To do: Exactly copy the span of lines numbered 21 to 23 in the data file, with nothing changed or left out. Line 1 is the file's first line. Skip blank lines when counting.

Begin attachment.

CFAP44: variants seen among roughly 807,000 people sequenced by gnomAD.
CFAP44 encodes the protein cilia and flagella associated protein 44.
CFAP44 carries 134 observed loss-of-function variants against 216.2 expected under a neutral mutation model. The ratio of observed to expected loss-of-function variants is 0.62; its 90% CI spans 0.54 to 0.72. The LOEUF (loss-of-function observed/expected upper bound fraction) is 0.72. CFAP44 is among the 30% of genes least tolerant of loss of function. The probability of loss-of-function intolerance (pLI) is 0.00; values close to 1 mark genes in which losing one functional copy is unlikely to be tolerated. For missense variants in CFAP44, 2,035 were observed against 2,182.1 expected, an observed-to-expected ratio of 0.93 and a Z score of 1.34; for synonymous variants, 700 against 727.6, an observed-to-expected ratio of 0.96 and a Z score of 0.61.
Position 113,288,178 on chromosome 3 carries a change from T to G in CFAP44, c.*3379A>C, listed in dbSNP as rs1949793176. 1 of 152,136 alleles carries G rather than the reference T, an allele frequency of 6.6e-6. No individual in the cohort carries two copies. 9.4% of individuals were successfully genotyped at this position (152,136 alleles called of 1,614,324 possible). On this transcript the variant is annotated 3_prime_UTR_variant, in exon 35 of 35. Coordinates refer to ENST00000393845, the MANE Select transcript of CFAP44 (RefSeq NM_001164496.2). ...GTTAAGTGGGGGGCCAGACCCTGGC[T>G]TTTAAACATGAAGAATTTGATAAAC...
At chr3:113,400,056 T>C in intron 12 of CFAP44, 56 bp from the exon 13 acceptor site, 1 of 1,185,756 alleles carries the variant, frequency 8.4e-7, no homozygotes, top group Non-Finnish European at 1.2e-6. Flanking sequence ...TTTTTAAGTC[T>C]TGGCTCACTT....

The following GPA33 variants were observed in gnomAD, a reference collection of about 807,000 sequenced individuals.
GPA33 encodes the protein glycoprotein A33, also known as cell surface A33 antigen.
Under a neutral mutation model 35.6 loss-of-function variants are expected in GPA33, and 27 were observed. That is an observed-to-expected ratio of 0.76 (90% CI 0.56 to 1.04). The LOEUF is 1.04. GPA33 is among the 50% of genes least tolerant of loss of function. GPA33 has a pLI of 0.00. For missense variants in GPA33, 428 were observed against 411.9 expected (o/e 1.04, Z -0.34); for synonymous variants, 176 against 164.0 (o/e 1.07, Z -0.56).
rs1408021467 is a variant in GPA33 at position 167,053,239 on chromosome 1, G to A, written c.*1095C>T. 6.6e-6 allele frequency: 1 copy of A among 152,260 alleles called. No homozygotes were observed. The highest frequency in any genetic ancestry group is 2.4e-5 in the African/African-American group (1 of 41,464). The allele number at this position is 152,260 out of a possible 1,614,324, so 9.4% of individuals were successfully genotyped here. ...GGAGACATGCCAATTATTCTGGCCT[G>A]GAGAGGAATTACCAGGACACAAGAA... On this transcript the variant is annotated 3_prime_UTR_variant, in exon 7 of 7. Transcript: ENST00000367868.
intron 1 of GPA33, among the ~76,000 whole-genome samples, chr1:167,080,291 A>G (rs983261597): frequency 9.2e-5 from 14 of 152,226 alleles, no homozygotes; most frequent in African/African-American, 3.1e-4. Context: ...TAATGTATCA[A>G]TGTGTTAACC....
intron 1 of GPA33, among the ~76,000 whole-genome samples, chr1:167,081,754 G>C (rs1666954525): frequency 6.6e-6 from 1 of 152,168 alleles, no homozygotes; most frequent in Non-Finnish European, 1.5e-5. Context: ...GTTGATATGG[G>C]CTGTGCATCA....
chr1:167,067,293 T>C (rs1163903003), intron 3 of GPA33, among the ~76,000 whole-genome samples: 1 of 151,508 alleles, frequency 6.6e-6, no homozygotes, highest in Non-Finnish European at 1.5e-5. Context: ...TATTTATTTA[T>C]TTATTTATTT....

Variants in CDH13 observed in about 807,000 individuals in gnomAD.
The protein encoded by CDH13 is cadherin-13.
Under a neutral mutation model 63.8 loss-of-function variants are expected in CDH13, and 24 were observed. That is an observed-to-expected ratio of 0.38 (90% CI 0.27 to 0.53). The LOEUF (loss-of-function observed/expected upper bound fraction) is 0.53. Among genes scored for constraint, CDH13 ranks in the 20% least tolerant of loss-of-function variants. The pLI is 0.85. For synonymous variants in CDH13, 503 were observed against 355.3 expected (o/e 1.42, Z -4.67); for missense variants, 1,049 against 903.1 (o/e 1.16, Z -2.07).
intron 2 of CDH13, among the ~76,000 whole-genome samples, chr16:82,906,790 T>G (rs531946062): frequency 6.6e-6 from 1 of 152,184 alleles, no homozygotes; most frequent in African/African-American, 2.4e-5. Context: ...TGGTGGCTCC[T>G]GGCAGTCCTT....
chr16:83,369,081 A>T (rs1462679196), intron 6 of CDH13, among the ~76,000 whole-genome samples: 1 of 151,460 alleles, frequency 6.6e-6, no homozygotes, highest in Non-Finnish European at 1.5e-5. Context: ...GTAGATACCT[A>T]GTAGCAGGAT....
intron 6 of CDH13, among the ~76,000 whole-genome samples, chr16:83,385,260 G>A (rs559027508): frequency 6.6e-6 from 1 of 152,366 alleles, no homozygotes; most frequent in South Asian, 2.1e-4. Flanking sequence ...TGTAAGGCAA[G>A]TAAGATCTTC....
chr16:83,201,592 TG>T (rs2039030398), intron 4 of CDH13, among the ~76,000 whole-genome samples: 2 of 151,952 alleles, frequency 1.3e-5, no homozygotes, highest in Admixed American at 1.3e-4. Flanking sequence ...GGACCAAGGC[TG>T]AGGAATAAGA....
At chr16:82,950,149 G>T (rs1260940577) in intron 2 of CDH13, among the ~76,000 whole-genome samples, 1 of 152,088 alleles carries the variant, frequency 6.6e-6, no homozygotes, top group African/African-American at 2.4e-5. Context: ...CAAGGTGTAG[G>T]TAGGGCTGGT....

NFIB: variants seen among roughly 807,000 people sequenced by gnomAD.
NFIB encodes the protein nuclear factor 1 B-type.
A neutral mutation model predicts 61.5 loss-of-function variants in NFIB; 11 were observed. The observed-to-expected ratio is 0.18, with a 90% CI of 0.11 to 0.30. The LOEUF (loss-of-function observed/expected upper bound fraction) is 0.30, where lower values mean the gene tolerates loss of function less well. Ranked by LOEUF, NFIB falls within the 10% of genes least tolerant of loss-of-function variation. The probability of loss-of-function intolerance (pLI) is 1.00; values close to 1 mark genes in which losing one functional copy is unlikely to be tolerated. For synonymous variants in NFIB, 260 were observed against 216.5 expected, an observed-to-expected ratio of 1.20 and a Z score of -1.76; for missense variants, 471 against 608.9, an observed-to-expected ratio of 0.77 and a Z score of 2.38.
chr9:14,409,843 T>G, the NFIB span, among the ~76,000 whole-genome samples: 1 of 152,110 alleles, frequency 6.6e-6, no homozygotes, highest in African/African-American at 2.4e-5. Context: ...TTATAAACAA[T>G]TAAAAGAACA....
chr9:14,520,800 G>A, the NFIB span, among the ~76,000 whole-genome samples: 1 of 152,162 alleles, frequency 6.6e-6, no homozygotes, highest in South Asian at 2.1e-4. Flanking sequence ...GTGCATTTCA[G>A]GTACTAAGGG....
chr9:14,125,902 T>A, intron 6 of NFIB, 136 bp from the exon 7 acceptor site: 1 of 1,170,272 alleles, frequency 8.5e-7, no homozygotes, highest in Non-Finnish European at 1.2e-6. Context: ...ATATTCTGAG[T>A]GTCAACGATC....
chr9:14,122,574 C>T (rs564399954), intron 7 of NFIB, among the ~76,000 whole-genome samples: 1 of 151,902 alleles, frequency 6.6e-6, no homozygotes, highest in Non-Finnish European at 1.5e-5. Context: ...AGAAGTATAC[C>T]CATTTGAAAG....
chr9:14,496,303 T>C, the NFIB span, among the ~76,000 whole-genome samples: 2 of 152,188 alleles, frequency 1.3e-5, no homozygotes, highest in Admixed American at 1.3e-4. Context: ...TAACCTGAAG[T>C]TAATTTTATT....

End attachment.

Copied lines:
NFIB: variants seen among roughly 807,000 people sequenced by gnomAD.
NFIB encodes the protein nuclear factor 1 B-type.
A neutral mutation model predicts 61.5 loss-of-function variants in NFIB; 11 were observed. The observed-to-expected ratio is 0.18, with a 90% CI of 0.11 to 0.30. The LOEUF (loss-of-function observed/expected upper bound fraction) is 0.30, where lower values mean the gene tolerates loss of function less well. Ranked by LOEUF, NFIB falls within the 10% of genes least tolerant of loss-of-function variation. The probability of loss-of-function intolerance (pLI) is 1.00; values close to 1 mark genes in which losing one functional copy is unlikely to be tolerated. For synonymous variants in NFIB, 260 were observed against 216.5 expected, an observed-to-expected ratio of 1.20 and a Z score of -1.76; for missense variants, 471 against 608.9, an observed-to-expected ratio of 0.77 and a Z score of 2.38.